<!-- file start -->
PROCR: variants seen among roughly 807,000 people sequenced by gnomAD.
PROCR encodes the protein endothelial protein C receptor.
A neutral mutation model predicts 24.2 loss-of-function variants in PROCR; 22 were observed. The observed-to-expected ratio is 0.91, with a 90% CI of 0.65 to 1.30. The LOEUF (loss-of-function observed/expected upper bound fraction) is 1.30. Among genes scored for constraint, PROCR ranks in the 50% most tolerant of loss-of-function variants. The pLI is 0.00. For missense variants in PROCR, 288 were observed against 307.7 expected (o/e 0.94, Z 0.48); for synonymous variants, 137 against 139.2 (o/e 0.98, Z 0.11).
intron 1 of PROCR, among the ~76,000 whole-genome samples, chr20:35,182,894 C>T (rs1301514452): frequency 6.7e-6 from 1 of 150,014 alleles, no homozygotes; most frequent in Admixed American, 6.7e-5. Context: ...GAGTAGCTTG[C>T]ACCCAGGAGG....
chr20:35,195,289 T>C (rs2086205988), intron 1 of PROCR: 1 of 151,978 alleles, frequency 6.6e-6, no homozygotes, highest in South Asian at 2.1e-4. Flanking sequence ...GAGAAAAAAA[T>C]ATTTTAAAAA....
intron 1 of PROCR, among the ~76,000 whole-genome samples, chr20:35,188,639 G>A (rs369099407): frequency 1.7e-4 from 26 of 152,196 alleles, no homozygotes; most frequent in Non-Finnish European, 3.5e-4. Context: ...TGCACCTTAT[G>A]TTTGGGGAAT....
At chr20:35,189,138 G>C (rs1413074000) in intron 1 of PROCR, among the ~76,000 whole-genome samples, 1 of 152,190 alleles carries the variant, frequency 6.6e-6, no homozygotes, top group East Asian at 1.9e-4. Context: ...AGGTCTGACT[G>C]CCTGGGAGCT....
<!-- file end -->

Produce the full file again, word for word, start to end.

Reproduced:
PROCR: variants seen among roughly 807,000 people sequenced by gnomAD.
PROCR encodes the protein endothelial protein C receptor.
A neutral mutation model predicts 24.2 loss-of-function variants in PROCR; 22 were observed. The observed-to-expected ratio is 0.91, with a 90% CI of 0.65 to 1.30. The LOEUF (loss-of-function observed/expected upper bound fraction) is 1.30. Among genes scored for constraint, PROCR ranks in the 50% most tolerant of loss-of-function variants. The pLI is 0.00. For missense variants in PROCR, 288 were observed against 307.7 expected (o/e 0.94, Z 0.48); for synonymous variants, 137 against 139.2 (o/e 0.98, Z 0.11).
intron 1 of PROCR, among the ~76,000 whole-genome samples, chr20:35,182,894 C>T (rs1301514452): frequency 6.7e-6 from 1 of 150,014 alleles, no homozygotes; most frequent in Admixed American, 6.7e-5. Context: ...GAGTAGCTTG[C>T]ACCCAGGAGG....
chr20:35,195,289 T>C (rs2086205988), intron 1 of PROCR: 1 of 151,978 alleles, frequency 6.6e-6, no homozygotes, highest in South Asian at 2.1e-4. Flanking sequence ...GAGAAAAAAA[T>C]ATTTTAAAAA....
intron 1 of PROCR, among the ~76,000 whole-genome samples, chr20:35,188,639 G>A (rs369099407): frequency 1.7e-4 from 26 of 152,196 alleles, no homozygotes; most frequent in Non-Finnish European, 3.5e-4. Context: ...TGCACCTTAT[G>A]TTTGGGGAAT....
At chr20:35,189,138 G>C (rs1413074000) in intron 1 of PROCR, among the ~76,000 whole-genome samples, 1 of 152,190 alleles carries the variant, frequency 6.6e-6, no homozygotes, top group East Asian at 1.9e-4. Context: ...AGGTCTGACT[G>C]CCTGGGAGCT....